Living

Mr. Modem: Give scammers the silent treatment

I received a call in which the caller said he was from Microsoft and that my computer was being hacked. It sounded suspicious so I asked him for a telephone number that I could call back to verify the call and he would not give it to me. He eventually hung up on me. Is there anything I should do now? My computer seems to be working fine.

How this type of situation is handled is very simple: You hang up the phone. That’s it. Over. Done. Fini. Case closed. Talk to the hand.

Microsoft is never going to call you, period. Don’t waste your time and energy asking for a phone number to call back. Why? What if the caller gave you a number (which could have very easily happened)? Then what would you have done?

I’m guessing you would have called back and they would have answered the phone, “Microsoft Hotline Support. How can I help you?” Reassured, you might have provided any information requested, including remote access to your computer. Don’t go there.

I’m glad you weren’t suckered into this scam, but with all due respect, you allowed it to go much too far. The fact that the caller elected to hang up on you, rather than the other way around, means that you stayed too long at the dance.

By being as persistent as you were, you enabled the scam to continue and they almost had you. This means there’s a good chance that your phone number will be sold to other scammers because they managed to keep you on the line and almost reeled you in — making you what is known in scam vernacular as a “live one.”

It bears repeating: The proper way to handle calls like this is with silence. Do not say a word. Simply hang up the phone. Click. Bye-bye.

It serves no purpose to engage callers or try to test them in some manner. And for heaven’s sake, don’t ask for a phone number to call them back. You were very lucky with this call.

I have two computers. One is a Windows 7 system that I use to get on the Internet, visit websites, etc. The second computer is Windows XP that I use only off-line for bookkeeping, printing checks, backing up documents, etc. Do I need a router for either of these two machines?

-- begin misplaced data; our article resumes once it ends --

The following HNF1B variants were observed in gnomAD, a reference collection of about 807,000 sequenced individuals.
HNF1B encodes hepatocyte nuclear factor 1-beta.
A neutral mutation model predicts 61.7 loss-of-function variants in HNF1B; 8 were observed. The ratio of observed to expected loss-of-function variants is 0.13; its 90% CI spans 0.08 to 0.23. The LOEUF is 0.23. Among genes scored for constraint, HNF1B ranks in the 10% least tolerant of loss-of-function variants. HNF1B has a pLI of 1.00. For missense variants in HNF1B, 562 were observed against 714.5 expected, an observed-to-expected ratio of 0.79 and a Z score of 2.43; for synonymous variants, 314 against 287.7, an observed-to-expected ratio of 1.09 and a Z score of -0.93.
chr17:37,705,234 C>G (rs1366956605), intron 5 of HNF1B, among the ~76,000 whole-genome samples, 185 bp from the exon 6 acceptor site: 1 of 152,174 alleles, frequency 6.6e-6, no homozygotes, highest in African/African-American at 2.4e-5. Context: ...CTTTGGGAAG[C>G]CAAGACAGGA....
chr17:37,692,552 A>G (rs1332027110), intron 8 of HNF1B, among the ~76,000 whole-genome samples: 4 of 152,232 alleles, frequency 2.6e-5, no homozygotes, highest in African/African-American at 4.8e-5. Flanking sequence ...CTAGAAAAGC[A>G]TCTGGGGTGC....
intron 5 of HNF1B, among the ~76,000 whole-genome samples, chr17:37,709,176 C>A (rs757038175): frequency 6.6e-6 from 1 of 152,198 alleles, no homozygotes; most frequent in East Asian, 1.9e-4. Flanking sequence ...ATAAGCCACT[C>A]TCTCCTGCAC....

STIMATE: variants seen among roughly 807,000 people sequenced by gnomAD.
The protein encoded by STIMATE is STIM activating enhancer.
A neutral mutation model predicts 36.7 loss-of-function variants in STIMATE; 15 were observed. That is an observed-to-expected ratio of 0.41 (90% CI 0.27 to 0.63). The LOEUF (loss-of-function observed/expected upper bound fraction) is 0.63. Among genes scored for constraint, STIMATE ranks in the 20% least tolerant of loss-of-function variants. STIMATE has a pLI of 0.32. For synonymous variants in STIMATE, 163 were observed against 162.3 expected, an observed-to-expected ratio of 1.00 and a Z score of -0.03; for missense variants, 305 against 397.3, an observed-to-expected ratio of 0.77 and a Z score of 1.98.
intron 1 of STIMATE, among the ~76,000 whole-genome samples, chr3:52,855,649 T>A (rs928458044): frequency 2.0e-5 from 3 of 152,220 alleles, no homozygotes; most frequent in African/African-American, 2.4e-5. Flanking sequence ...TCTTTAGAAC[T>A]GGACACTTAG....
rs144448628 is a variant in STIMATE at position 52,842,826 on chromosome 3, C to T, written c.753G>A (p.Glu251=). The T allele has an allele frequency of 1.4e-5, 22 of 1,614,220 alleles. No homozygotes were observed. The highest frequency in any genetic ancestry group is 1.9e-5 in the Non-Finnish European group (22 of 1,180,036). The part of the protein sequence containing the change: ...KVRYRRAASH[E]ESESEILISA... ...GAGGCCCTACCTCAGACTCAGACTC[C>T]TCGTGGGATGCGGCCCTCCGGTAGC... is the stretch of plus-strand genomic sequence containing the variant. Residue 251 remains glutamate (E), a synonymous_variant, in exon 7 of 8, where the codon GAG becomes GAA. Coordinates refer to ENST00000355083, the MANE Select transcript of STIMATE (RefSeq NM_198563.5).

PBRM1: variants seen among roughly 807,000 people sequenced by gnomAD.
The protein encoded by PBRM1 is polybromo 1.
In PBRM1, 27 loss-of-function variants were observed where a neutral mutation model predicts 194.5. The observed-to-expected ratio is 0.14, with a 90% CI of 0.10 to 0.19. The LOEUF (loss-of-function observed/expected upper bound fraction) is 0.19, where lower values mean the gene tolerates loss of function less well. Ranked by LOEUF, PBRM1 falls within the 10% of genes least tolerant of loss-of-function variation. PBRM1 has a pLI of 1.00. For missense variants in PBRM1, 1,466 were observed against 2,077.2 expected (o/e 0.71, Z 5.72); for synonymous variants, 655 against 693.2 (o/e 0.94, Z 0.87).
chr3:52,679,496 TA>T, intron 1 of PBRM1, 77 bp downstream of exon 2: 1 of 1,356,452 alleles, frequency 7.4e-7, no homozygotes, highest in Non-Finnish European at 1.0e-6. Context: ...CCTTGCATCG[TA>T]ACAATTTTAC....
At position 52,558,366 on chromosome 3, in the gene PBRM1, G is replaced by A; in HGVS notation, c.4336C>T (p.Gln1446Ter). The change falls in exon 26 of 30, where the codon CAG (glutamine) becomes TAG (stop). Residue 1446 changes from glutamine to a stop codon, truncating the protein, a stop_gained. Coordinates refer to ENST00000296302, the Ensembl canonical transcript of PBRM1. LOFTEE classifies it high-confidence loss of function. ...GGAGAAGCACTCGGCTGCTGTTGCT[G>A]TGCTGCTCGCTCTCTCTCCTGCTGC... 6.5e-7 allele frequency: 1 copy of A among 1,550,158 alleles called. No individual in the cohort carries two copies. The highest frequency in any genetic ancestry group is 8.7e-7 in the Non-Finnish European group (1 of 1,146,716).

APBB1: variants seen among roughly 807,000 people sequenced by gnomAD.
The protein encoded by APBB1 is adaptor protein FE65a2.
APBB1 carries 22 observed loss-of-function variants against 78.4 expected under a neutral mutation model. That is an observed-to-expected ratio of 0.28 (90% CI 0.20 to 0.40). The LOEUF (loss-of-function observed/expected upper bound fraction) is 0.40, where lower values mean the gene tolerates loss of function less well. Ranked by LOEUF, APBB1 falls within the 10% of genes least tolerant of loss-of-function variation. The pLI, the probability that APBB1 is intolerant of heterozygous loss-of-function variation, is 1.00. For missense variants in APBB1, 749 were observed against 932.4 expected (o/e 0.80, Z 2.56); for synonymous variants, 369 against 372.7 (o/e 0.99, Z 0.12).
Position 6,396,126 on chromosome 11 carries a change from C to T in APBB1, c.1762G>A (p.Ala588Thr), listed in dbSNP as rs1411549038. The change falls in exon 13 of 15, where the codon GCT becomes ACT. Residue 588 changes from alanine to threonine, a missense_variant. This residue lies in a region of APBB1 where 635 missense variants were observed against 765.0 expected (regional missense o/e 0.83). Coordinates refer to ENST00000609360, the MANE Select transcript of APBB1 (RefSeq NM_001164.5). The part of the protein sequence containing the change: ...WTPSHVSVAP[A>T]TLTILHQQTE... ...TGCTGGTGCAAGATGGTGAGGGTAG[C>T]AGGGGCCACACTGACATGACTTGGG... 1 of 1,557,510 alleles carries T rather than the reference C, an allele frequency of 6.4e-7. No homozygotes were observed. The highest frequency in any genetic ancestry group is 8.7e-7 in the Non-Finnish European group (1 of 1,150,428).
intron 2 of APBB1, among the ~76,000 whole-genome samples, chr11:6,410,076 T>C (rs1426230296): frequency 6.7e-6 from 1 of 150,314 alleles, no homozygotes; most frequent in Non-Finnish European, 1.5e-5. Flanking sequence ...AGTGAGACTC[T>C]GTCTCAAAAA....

A router is a device that your modem plugs into that allows you to have Wi-Fi in your home. If you want a wireless signal available for your Windows XP system, or any other devices such as a tablet, you will need a router. But since your XP computer is not used online, it will not require one.

Mr. Modem publishes “Ask Mr. Modem!” each week, featuring PC tips, tricks and plain-English answers to your questions by e-mail. For more information, visit www.MrModem.com.

Mr. Modem's Sites of the Week

CalculateForFree

www.calculateforfree.com

An eclectic collection of calculators, including calculators for conversions, wind chill factor, calories, time converters, amortization, and a good, old-fashioned abacus — not to be confused with modern, digital abacii or Apple’s new iAb app.

(And yes, there really is an abacus app.)

CalorieLab

www.calorielab.com

Calorie information for just about every restaurant chain and type of food you can think of — and a few you probably don’t want to think about. The list includes 70,000 foods and 500 restaurant menus. Check nutrition information (or lack thereof) before you head to a restaurant. Under the “Calories Burned” tab, the site also lists calorie-burning stats for many day-to-day activities. Note: The site’s default font is tiny, so depending on your browser, click View > Text Size or Zoom or press CTRL and the + sign to enhance readability.

  Comments